List problem areas and possible solutions : _____________________________________________________________________ _____________________________________________________________________ _____________________________________________________________________ ____________________________________________________________________

Special events during the month : _____________________________________________________________________ _____________________________________________________________________ _____________________________________________________________________ ____________________________________________________________________

In terms of result which outlets was the most successful and / or most disappointing and why : _____________________________________________________________________ _____________________________________________________________________ _____________________________________________________________________ ____________________________________________________________________

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1.4

Discounts All discounts should be made at the “Point Of Sale”. This will ensure the accurate recording of sales on a daily basis and avoid the timing differences and fluctuating sales figures associated with posting discounts using a Rebate Voucher at the Front Office. All F&B discounts must be posted on the Guest Check and signed accordingly. Discounts are normally granted for the following : o GHM employees, etc. (The F&B Cashier must ensure that the amount charged is subject to “discount at 50% or charge 20% over cost price whichever results in the higher selling price”. The amount of the discount depends on the cost of the item. The F&B Cashier must verify the cost price with the Cost Controller). o For other purpose as approved by the GM (Marketing / promotion/ Guest Complaints reasons). Rebates ( Front Office) The Front Office Personnel should inform F&B Manager of any rebates related to Food & Beverage. The F&B Manager should approve all F&B rebates prior to issue or immediately thereafter. The GM and FC should review and approve all rebates on a daily basis. Calculation and posting (allocation of revenues) of rebates should be done on daily basis to avoid timing differences and fluctuations of revenue on the daily and weekly reports. Unconsumed Breakfast Unconsumed Breakfast represents “Room Package including breakfast” but the guest does not consume the breakfast. The Breakfast Revenue, based on the Package Rate allocation OR the difference between the Menu Price and the Package Rate (dependent on what value is posted as Breakfast Revenue), should be recorded as F&B Other Revenue. For example: o Scenario A; “Based on Package Rate” – 10 single person packages at US$ 150 (exclusive of tax and service charge) and inclusive of buffet breakfast at a package rate of US$ 10 (exclusive of tax and service charge). The menu price for buffet breakfast is US$ 12 (exclusive of tax and service charge). Only seven of the 10 packages eat breakfast. Food (Breakfast) revenue = 7 x US$ 10 = US$ 70. F&B Other (Unconsumed Breakfast) revenue = 3 x US$ 10 = US$ 30. o Scenario B; “Based on Menu Price” – Food (Breakfast) revenue = 7 x US$ 12 = US$ 84. F&B Other (Unconsumed Breakfast) revenue = Total Package Breakfast Revenue of US$ 100 minus amount posted as Food Revenue of US$ 84 = US$ 16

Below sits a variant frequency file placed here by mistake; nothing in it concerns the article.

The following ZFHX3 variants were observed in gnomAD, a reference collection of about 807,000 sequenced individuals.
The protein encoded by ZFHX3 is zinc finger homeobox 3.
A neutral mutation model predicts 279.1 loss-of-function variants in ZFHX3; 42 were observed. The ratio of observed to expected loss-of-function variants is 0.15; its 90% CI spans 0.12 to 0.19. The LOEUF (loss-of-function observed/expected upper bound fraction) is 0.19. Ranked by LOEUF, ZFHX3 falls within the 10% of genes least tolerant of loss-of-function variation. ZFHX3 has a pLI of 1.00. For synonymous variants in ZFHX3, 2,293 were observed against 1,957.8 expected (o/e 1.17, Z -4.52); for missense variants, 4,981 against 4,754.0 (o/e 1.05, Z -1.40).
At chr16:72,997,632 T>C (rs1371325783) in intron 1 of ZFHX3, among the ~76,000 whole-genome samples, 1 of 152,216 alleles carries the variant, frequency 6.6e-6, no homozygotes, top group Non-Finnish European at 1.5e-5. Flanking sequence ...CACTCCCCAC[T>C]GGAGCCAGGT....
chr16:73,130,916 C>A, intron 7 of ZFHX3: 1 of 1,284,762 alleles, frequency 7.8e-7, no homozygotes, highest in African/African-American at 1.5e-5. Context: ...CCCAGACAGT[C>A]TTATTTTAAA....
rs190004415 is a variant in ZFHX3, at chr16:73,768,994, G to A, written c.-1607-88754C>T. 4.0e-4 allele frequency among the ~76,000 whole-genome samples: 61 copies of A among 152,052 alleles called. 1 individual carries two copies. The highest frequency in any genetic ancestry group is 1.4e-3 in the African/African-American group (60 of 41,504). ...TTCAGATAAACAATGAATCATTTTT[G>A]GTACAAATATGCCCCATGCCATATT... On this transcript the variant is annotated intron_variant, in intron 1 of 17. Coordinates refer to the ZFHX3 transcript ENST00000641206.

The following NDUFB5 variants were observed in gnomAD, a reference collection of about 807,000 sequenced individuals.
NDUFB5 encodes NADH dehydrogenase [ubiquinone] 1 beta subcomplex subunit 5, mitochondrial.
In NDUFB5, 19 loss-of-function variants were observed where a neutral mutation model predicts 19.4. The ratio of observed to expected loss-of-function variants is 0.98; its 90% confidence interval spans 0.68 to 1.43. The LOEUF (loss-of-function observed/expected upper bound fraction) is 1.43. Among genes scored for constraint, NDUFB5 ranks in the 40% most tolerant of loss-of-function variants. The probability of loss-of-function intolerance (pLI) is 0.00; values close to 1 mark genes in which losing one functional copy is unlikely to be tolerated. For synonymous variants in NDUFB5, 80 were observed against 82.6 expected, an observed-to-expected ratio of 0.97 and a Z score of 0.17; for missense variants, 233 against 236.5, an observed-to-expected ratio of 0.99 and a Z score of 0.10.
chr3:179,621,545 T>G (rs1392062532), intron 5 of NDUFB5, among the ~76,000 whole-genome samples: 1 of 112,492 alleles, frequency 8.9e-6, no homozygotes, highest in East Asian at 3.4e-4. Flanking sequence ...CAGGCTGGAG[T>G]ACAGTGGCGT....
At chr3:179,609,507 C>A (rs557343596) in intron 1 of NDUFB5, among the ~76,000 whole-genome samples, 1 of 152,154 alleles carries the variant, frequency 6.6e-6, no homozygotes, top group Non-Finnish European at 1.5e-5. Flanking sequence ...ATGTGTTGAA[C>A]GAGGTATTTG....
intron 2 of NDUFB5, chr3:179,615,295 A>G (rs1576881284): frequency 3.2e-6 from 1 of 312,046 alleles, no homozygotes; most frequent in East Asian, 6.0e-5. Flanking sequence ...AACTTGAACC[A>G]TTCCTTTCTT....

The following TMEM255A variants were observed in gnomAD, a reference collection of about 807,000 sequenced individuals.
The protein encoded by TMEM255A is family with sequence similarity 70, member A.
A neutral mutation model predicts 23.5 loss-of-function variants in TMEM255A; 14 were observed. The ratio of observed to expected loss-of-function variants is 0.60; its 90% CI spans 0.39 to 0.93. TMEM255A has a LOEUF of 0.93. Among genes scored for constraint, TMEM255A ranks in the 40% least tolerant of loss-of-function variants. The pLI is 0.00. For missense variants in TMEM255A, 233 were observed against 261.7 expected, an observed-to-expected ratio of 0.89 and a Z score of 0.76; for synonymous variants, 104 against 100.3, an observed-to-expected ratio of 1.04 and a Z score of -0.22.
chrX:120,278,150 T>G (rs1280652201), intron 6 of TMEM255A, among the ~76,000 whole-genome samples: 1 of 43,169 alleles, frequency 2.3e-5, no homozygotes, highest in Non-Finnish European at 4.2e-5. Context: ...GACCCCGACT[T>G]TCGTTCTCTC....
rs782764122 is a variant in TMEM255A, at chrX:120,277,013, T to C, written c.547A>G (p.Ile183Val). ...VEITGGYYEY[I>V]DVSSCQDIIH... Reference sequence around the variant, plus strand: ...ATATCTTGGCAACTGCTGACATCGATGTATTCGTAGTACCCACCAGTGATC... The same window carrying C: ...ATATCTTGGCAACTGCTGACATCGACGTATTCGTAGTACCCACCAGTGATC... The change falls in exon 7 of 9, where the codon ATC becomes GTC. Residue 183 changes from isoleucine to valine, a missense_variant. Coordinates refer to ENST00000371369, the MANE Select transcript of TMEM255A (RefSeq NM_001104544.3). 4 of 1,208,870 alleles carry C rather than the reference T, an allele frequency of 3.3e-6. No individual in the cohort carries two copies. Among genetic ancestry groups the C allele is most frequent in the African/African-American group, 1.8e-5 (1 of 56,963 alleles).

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Oriental Hospitality Consultants – OrientalHospitality.com The F&B Manager must ensure that Package Breakfast Capture statistics are maintained so that the Exclusive Chef can plan food production accordingly.

Training activities carried out during the month: _____________________________________________________________________ _____________________________________________________________________ _____________________________________________________________________ _____________ Staff level: Administration : Preparation : Service : Stewarding : Total ; Productivity level in $ to total revenue :

__________ __________ __________ __________ __________ __________

Major staff changes and turnover: _____________________________________________________________________ _____________________________________________________________________ _____________________________________________________________________ _____________ New menus and prices introduced during the month: _____________________________________________________________________ _____________________________________________________________________ _____________________________________________________________________ _____________ Media articles: Please attach any media articles related to your Food & Beverage operation published this month. 1.7 Special Events Special Events includes any function / event other than normal hotel restaurant and bar business. This includes and is not limited to: o Banquets and catering (on property and off property) being paid by individuals or company. o Hotel sponsored banquets and catering (excluding normal entertainment of travel agents / familiarization “FAM” trips). The F&B Manager must prepare an Event Sales and Cost Details (P&L) for the GM’s review and approval. The GM must approve all

Oriental Hospitality Consultants – OrientalHospitality.com event P&Ls prior to event confirmation. The approved event P&L will be considered as the “Budget P&L” for the event. The F&B Manager must ensure that the event Budget P&L includes (and is not limited to) the following (if applicable): o Food recipes as provided by the Executive Chef. o Beverage recipes as provided by the F&B Manager. o Recipe costs as provided by the Cost Controller. o Costs / expenses for all other items:  Advertising / Promotion  Decorations  Giveaways  Guest Supplies  Music and Entertainment  Photography  Miscellaneous Following the event the Financial Controller should prepare an Event Financial Statement comparing the event Actual Results to the event Budget P&L. The Event Financial Statement should be distributed to the General Manager, F&B Manager and Executive Chef.